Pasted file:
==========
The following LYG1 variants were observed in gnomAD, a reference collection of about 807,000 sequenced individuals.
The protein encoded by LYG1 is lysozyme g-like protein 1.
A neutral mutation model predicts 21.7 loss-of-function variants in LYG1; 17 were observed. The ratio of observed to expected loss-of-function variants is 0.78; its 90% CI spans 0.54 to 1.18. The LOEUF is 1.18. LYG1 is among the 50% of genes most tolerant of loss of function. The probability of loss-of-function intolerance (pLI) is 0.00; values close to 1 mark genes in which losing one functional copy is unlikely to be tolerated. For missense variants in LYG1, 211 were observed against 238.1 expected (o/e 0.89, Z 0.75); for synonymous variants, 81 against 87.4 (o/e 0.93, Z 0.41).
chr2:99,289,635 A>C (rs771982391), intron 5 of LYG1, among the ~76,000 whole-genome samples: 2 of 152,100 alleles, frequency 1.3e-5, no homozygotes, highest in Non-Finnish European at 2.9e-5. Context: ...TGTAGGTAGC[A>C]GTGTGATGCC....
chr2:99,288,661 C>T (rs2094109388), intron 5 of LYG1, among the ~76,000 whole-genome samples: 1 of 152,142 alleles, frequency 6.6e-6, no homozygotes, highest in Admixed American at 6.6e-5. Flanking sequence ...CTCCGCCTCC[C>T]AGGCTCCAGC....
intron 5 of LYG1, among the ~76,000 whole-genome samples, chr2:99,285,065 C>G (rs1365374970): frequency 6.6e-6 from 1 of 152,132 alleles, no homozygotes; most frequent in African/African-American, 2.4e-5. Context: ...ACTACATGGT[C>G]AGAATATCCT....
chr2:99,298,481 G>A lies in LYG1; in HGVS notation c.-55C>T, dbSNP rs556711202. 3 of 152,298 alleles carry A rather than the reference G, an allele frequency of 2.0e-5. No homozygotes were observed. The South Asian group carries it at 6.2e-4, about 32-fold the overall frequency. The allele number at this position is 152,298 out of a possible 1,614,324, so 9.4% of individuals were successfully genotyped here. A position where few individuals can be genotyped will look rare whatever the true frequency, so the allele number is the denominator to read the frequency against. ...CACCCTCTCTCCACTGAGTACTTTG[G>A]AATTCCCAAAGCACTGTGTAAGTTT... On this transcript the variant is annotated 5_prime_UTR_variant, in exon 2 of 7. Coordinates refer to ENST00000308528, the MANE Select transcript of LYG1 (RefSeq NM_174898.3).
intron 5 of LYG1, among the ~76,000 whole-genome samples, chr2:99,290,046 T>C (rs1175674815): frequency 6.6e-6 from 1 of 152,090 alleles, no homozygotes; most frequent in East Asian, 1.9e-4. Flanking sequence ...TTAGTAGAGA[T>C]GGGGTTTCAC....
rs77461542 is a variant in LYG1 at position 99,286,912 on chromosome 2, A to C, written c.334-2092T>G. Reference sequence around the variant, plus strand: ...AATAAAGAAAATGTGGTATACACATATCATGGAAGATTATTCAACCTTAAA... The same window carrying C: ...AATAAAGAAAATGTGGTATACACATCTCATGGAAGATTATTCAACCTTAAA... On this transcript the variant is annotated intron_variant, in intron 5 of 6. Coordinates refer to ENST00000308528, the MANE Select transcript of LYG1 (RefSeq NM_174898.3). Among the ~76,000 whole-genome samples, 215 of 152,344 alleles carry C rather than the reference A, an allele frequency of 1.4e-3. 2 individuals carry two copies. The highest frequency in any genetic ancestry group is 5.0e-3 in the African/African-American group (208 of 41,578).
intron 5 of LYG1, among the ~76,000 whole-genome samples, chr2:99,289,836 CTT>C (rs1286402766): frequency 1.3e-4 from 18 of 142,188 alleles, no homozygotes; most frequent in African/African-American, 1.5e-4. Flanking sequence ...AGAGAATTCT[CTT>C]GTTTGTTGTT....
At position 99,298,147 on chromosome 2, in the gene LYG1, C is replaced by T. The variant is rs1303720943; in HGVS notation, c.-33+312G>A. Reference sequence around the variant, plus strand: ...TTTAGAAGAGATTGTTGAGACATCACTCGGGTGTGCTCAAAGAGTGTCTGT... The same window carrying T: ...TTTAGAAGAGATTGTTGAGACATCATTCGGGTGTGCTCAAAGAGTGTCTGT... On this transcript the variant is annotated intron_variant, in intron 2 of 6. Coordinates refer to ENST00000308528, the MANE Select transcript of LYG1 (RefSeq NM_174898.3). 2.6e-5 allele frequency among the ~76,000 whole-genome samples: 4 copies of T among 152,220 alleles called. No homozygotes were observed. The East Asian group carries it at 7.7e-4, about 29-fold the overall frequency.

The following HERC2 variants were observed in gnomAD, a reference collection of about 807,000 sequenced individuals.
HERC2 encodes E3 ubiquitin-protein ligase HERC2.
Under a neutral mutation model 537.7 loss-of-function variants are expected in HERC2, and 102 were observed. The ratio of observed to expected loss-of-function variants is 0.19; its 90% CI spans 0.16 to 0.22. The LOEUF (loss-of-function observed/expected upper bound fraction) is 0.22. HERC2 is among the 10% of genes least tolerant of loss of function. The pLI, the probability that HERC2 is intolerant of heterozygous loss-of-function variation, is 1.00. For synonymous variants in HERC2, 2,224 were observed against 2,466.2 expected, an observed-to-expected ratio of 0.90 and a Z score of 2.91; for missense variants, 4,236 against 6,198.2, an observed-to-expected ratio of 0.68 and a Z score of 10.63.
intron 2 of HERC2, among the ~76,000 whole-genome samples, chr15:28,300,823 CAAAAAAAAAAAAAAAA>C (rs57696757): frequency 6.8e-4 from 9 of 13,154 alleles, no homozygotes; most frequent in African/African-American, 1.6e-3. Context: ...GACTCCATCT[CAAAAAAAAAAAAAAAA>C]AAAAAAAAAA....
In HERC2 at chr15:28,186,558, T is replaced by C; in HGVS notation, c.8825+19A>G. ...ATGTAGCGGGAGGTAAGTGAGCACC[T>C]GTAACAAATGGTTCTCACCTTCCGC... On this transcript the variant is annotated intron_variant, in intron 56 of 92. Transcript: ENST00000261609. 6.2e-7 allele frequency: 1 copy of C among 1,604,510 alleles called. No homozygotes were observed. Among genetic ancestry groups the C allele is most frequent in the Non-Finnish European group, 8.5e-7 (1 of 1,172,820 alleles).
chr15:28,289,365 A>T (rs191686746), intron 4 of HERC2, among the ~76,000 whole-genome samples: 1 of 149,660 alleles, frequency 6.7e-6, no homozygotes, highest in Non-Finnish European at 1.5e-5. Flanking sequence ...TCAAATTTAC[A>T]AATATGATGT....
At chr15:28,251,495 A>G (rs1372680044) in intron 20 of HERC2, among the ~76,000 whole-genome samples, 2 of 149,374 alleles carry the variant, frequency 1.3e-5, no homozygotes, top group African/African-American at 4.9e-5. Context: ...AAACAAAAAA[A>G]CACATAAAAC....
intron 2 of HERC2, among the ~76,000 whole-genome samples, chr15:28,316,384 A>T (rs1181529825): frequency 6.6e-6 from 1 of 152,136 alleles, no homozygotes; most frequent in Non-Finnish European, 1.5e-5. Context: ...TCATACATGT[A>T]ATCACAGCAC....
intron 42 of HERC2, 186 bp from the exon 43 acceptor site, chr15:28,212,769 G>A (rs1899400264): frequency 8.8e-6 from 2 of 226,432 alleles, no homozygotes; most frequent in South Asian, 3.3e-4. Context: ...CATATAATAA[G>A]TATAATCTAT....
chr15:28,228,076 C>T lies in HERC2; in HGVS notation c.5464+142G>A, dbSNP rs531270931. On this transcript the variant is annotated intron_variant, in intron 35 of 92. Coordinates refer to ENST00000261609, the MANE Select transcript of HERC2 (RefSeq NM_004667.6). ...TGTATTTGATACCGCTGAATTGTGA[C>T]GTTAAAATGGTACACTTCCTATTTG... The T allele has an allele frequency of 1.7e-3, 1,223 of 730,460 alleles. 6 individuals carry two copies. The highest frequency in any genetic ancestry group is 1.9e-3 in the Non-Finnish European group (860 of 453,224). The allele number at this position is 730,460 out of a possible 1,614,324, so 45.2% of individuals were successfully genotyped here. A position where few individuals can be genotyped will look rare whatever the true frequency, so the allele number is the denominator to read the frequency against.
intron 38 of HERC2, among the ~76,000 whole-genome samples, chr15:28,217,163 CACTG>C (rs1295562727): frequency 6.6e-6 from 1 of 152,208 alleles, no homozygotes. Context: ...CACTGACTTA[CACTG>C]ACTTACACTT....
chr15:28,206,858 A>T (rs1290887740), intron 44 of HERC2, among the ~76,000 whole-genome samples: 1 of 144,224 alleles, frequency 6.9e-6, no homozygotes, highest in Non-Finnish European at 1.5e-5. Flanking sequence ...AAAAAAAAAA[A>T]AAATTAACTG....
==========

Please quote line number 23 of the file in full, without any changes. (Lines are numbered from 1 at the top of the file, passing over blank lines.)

chr15:28,206,858 A>T (rs1290887740), intron 44 of HERC2, among the ~76,000 whole-genome samples: 1 of 144,224 alleles, frequency 6.9e-6, no homozygotes, highest in Non-Finnish European at 1.5e-5. Flanking sequence ...AAAAAAAAAA[A>T]AAATTAACTG....